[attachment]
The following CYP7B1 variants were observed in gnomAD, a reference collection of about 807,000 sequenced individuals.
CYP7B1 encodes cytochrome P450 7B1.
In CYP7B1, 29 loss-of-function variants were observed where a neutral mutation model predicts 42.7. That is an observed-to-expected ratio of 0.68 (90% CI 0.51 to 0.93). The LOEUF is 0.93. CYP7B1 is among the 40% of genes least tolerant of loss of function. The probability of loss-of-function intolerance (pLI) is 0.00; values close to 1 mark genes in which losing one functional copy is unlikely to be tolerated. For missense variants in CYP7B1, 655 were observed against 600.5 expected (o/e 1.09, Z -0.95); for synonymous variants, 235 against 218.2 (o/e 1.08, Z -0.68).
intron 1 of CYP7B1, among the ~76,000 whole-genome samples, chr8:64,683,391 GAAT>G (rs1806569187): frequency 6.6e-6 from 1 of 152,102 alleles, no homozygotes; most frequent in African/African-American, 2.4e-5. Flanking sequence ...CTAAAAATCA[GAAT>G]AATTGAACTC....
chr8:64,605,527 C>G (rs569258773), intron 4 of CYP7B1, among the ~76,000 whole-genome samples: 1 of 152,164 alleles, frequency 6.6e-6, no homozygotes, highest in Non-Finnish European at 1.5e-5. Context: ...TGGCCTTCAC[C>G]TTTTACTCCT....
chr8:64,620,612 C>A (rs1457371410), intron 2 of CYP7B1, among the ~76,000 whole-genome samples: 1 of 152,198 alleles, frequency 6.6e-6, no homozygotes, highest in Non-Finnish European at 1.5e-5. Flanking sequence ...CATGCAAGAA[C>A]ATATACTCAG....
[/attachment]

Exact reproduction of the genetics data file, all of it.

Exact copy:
The following CYP7B1 variants were observed in gnomAD, a reference collection of about 807,000 sequenced individuals.
CYP7B1 encodes cytochrome P450 7B1.
In CYP7B1, 29 loss-of-function variants were observed where a neutral mutation model predicts 42.7. That is an observed-to-expected ratio of 0.68 (90% CI 0.51 to 0.93). The LOEUF is 0.93. CYP7B1 is among the 40% of genes least tolerant of loss of function. The probability of loss-of-function intolerance (pLI) is 0.00; values close to 1 mark genes in which losing one functional copy is unlikely to be tolerated. For missense variants in CYP7B1, 655 were observed against 600.5 expected (o/e 1.09, Z -0.95); for synonymous variants, 235 against 218.2 (o/e 1.08, Z -0.68).
intron 1 of CYP7B1, among the ~76,000 whole-genome samples, chr8:64,683,391 GAAT>G (rs1806569187): frequency 6.6e-6 from 1 of 152,102 alleles, no homozygotes; most frequent in African/African-American, 2.4e-5. Flanking sequence ...CTAAAAATCA[GAAT>G]AATTGAACTC....
chr8:64,605,527 C>G (rs569258773), intron 4 of CYP7B1, among the ~76,000 whole-genome samples: 1 of 152,164 alleles, frequency 6.6e-6, no homozygotes, highest in Non-Finnish European at 1.5e-5. Context: ...TGGCCTTCAC[C>G]TTTTACTCCT....
chr8:64,620,612 C>A (rs1457371410), intron 2 of CYP7B1, among the ~76,000 whole-genome samples: 1 of 152,198 alleles, frequency 6.6e-6, no homozygotes, highest in Non-Finnish European at 1.5e-5. Flanking sequence ...CATGCAAGAA[C>A]ATATACTCAG....